Allan Bloom, who wrote the “Closing of the American Mind” in the late 1980s, translated Plato’s “Republic” in the 1970s. He says Plato should be translated word for word. You should always translate a given Greek word into the same English word as much as possible.
The resulting English will not always sound good or be easy to understand. That is fine. Your duty is to be as faithful to Plato as possible. What readers you drive away were never serious about understanding Plato in the first place.
Bloom’s hero in this is William of Moerbeke. He translated Aristotle into Latin so faithfully that Aquinas never had to read Aristotle in the original!
Bloom does not presume to understand Plato to his depths – that is for greater minds than his. That is why he must be a slave to Plato’s words. He must not put his imperfect understanding between Plato and the reader.
But that is just what most who translate Plato now do. Their aim is to make Plato easy to read and understand. They think they understand him well enough that they can express his meaning just as a present-day Englishman or American would.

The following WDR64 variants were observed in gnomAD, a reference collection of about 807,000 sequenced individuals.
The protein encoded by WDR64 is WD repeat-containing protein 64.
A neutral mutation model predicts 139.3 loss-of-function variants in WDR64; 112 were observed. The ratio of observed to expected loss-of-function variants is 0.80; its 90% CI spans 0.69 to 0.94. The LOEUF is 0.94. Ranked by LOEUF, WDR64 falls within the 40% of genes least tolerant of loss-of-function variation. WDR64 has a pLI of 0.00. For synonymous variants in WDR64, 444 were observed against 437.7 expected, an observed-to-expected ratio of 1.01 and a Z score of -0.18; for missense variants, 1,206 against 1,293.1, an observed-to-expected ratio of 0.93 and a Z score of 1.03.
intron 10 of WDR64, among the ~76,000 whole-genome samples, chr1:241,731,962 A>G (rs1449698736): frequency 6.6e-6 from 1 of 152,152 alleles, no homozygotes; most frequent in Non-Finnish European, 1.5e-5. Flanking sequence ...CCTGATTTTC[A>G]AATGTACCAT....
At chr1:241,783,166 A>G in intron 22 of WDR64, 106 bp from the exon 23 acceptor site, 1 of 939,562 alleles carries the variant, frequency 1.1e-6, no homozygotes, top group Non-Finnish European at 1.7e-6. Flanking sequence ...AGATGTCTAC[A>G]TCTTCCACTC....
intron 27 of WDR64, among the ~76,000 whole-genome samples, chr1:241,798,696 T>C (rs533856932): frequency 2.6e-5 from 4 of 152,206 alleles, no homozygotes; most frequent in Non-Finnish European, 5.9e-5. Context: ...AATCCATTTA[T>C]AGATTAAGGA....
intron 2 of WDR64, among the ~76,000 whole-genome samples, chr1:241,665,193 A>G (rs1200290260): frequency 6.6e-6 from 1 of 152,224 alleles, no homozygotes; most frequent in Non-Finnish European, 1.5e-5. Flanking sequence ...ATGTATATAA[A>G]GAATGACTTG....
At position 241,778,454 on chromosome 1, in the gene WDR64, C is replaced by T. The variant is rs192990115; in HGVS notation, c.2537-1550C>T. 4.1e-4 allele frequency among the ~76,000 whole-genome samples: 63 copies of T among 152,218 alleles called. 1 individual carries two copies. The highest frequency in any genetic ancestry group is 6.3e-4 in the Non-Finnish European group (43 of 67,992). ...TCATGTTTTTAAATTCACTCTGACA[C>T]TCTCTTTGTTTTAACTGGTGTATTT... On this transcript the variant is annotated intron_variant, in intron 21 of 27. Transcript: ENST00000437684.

For example, when Plato says “the beautiful and the good”, they translate it as “moral values”, because that is how someone would put it today.
But Plato would never have put it that way, even if he were alive now. “Moral values” is a German idea that is barely a hundred years old. To the ancient Greeks it is a foreign idea. It is not how they thought.
To put “moral values” into Plato’s mouth covers up his ideas with our own. We are no longer reading Plato but ourselves.
This is no small matter: Plato was very careful in his use of words and their meanings. To stick in our own words that we are comfortable with destroys his argument.
For example, for us “values” are the opposite of “facts”. If we put “moral values” in place of “the beautiful and the good”, it makes it seem as if Plato derives values from facts. It makes him look simple-minded.
It is not just Plato that is translated this way. Most ancient works have been translated this way for the past fifty years. Even Holy Scripture!
Because we think we know better than the ancients. Because we know more science than they did, we assume we know more about everything. We look down on them and think they have nothing to teach us. That includes even the deepest thinkers of all time, like Plato.
Plato suffered from what we delicately call a “world view”, meaning a strange way of looking at the world that is plainly wrong. Yes, “world view” is another of those German ideas. But this is an idea that undermines itself because it is itself from a “world view”!
But this is not something you would discover reading Plato as he is translated today.